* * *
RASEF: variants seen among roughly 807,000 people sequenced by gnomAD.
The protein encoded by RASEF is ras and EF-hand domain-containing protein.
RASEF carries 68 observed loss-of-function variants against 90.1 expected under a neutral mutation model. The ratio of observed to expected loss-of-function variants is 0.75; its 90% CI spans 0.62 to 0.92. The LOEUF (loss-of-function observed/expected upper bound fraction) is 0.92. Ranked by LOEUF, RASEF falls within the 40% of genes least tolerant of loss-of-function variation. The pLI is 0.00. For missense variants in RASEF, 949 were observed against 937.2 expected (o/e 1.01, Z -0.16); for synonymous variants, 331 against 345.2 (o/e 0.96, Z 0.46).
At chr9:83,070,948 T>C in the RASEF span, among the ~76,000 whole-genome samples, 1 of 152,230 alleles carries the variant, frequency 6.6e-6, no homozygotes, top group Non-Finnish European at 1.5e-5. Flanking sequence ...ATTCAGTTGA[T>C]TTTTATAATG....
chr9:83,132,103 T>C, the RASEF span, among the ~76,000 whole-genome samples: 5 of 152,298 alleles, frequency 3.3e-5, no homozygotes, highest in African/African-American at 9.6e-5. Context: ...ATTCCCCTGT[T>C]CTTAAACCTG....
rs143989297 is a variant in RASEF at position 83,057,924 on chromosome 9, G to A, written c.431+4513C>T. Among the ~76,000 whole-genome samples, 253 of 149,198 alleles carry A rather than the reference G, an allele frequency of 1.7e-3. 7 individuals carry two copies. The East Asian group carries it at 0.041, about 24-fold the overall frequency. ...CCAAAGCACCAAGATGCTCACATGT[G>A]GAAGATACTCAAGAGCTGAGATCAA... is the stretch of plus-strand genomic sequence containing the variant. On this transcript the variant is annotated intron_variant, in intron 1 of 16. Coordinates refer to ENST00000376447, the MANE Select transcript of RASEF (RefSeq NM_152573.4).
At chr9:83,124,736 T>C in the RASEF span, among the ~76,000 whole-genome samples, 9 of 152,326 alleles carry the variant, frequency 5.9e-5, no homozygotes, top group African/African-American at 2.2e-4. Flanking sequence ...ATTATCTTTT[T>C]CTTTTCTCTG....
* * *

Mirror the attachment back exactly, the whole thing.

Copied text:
RASEF: variants seen among roughly 807,000 people sequenced by gnomAD.
The protein encoded by RASEF is ras and EF-hand domain-containing protein.
RASEF carries 68 observed loss-of-function variants against 90.1 expected under a neutral mutation model. The ratio of observed to expected loss-of-function variants is 0.75; its 90% CI spans 0.62 to 0.92. The LOEUF (loss-of-function observed/expected upper bound fraction) is 0.92. Ranked by LOEUF, RASEF falls within the 40% of genes least tolerant of loss-of-function variation. The pLI is 0.00. For missense variants in RASEF, 949 were observed against 937.2 expected (o/e 1.01, Z -0.16); for synonymous variants, 331 against 345.2 (o/e 0.96, Z 0.46).
At chr9:83,070,948 T>C in the RASEF span, among the ~76,000 whole-genome samples, 1 of 152,230 alleles carries the variant, frequency 6.6e-6, no homozygotes, top group Non-Finnish European at 1.5e-5. Flanking sequence ...ATTCAGTTGA[T>C]TTTTATAATG....
chr9:83,132,103 T>C, the RASEF span, among the ~76,000 whole-genome samples: 5 of 152,298 alleles, frequency 3.3e-5, no homozygotes, highest in African/African-American at 9.6e-5. Context: ...ATTCCCCTGT[T>C]CTTAAACCTG....
rs143989297 is a variant in RASEF at position 83,057,924 on chromosome 9, G to A, written c.431+4513C>T. Among the ~76,000 whole-genome samples, 253 of 149,198 alleles carry A rather than the reference G, an allele frequency of 1.7e-3. 7 individuals carry two copies. The East Asian group carries it at 0.041, about 24-fold the overall frequency. ...CCAAAGCACCAAGATGCTCACATGT[G>A]GAAGATACTCAAGAGCTGAGATCAA... is the stretch of plus-strand genomic sequence containing the variant. On this transcript the variant is annotated intron_variant, in intron 1 of 16. Coordinates refer to ENST00000376447, the MANE Select transcript of RASEF (RefSeq NM_152573.4).
At chr9:83,124,736 T>C in the RASEF span, among the ~76,000 whole-genome samples, 9 of 152,326 alleles carry the variant, frequency 5.9e-5, no homozygotes, top group African/African-American at 2.2e-4. Flanking sequence ...ATTATCTTTT[T>C]CTTTTCTCTG....